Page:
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4 – Best practices

4.1  Micro compost networks with zero waste

Rubbish has become an enormous problem. The local population often refuses the incinerators. NIMBY (Not in My Back Yard) is the most common position related to the positioning of big processing plants. It is not an egoistic behaviour. It is the symptom of a disseminated conscience on environmental danger and the harmful characteristics of these massive structures.

The solution is to build small processing plants. Substantially everyone processes his or her own waste at neighbourhood or even at single house level. Today it is possible to make micro composters that, with no harmful emissions or bad odours, transform waste into soil fertilizers. Maintenance work can be done individually or, at neighbourhood level, by specialized cooperatives and associations. New jobs are therefore created and a perfect potting compost is produced to be used in gardens and terraces. The same operation can be carried out with the black water, that becomes totally recyclable at local network level. Miniature reactors can also be created to transform biomass into gas. Technically it is possible to realize small devices that can be used to stoke the kitchen. Today many products leave waste, are burned or abandoned, but with this method families can substantially reduce costs and new job opportunities are also created.

If the proposed activities are considered as a unique system, apparently worthless spin-off products turn out to be forms of input and add value by creating new job opportunities and cancelling negative effects on the population and the environment. Each time waste is produced this is then reintroduced in the productive cycle. This feedback system enables the research of a better linking system between complementary activities. If each output is used as an input for other processes or sectors, the environmental sector achieves the goal of zero emissions and of total productivity of materials. The zero emissions concept can be compared with the total quality concept, which is today fundamental for the prosperity of any company or activity. The zero emissions concept is the way in which nature works reusing everything in cycles, nothing is wasted and the optimisation of resources is gained.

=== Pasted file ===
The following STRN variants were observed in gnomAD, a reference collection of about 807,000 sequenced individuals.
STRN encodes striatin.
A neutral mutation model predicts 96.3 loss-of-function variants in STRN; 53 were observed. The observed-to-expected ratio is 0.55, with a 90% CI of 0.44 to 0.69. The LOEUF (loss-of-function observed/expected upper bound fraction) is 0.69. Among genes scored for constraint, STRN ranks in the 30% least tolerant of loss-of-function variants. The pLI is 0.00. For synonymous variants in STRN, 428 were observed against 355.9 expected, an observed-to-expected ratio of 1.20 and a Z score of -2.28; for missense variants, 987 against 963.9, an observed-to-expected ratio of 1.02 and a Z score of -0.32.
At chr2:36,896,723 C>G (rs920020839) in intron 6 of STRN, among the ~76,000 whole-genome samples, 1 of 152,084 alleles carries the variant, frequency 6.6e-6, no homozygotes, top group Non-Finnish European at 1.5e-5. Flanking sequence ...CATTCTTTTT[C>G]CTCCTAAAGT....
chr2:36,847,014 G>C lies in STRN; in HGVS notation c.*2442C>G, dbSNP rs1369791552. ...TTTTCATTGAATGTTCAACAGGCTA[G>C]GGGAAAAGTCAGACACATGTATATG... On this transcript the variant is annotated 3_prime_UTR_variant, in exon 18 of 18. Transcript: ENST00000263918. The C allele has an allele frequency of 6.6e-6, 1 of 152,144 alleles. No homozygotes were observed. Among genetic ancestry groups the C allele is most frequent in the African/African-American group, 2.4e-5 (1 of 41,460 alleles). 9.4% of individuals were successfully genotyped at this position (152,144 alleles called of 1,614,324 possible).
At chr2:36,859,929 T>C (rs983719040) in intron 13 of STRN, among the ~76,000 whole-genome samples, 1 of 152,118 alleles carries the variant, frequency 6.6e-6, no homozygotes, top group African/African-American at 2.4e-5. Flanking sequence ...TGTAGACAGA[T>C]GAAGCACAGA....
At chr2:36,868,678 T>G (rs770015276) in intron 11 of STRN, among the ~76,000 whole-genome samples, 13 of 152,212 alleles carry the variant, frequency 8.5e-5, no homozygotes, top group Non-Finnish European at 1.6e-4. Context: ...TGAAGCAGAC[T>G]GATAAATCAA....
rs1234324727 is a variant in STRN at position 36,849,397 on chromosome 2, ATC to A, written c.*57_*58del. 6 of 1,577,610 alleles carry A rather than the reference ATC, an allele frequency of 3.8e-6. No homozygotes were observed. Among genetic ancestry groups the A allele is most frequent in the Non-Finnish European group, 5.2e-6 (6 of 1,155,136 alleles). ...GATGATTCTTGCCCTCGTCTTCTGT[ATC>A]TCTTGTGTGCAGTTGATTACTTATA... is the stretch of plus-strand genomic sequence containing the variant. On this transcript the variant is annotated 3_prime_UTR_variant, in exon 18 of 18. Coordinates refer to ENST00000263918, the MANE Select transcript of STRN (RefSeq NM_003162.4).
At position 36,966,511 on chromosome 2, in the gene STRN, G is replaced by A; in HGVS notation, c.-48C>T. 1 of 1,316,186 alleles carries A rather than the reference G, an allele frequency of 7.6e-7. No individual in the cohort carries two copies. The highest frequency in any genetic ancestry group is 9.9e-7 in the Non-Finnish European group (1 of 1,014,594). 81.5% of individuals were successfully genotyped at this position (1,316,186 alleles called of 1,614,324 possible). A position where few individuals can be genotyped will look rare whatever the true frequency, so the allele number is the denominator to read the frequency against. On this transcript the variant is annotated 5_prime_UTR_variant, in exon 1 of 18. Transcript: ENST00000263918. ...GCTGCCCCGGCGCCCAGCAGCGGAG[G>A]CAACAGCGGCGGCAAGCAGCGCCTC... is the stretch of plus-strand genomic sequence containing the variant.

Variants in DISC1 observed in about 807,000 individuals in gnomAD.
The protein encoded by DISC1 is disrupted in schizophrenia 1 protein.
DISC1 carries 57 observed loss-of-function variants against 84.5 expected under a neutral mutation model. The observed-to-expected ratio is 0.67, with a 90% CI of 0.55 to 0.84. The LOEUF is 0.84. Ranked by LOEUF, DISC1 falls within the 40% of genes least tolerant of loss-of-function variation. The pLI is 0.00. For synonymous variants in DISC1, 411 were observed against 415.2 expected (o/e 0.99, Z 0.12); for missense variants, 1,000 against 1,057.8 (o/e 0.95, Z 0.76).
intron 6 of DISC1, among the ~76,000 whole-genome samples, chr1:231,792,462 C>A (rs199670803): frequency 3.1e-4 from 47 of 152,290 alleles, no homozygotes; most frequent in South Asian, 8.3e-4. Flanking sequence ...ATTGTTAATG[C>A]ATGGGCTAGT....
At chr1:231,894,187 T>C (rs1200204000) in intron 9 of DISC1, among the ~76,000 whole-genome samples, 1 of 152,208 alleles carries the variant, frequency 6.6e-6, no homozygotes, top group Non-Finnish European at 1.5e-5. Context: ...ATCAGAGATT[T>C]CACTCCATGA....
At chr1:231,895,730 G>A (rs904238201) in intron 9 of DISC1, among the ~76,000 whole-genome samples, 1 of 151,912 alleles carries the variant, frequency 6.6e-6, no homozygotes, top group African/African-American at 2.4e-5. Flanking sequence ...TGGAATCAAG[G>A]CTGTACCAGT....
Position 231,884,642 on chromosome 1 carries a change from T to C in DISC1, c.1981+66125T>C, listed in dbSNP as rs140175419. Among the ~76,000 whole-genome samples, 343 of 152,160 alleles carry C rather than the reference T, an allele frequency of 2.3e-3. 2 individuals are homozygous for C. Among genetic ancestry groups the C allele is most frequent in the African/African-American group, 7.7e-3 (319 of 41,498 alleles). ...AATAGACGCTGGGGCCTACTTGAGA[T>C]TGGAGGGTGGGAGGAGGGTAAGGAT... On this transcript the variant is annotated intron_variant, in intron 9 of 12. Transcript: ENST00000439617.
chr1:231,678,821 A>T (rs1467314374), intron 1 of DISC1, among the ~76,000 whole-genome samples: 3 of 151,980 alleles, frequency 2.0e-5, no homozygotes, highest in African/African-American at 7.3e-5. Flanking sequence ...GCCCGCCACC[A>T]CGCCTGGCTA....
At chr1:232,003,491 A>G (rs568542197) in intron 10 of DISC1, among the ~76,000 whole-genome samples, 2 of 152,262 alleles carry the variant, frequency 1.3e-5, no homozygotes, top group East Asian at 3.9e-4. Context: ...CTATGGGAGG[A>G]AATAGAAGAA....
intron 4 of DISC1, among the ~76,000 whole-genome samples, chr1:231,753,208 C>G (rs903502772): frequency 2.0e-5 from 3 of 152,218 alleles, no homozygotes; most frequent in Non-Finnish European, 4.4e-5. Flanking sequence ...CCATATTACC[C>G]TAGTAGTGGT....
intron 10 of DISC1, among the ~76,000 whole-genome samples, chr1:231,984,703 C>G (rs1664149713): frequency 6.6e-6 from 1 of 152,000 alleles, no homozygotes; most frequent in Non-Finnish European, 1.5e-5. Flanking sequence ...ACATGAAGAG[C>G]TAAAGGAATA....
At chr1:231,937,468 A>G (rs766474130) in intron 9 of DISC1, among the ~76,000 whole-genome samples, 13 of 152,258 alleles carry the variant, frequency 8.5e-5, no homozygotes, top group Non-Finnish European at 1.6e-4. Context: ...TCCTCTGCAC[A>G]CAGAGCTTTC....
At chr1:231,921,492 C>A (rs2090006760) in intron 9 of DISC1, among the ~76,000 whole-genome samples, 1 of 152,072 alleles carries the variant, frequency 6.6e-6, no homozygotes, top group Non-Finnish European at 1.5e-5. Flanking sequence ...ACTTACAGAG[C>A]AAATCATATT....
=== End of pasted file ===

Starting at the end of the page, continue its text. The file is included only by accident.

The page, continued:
4.2  Garden roofs  

Terracing, hanging gardens and garden roofs have represented one of the first oil and water conservation forms of construction. They were used to prevent erosion, increase the amount of land for cultivating plants and in the case of garden roofs to conditioning buildings. Today terracing is still used in hilly and mountain environments, but hanging and roof gardens have practically disappeared. Installing garden roofs on buildings is an important means to protect the roof insulation from thermal and mechanical stress and to make the entire roof structure more durable reducing risk of damage.

The considerable insulation power of hanging gardens enables relevant energy saving inside the apartments. On the garden roofs rainwater is collected and after it has been used by the plants it is recycled for sanitary use. Moreover the new environment constituted by the pleasant hanging gardens enriches the house, private or common property.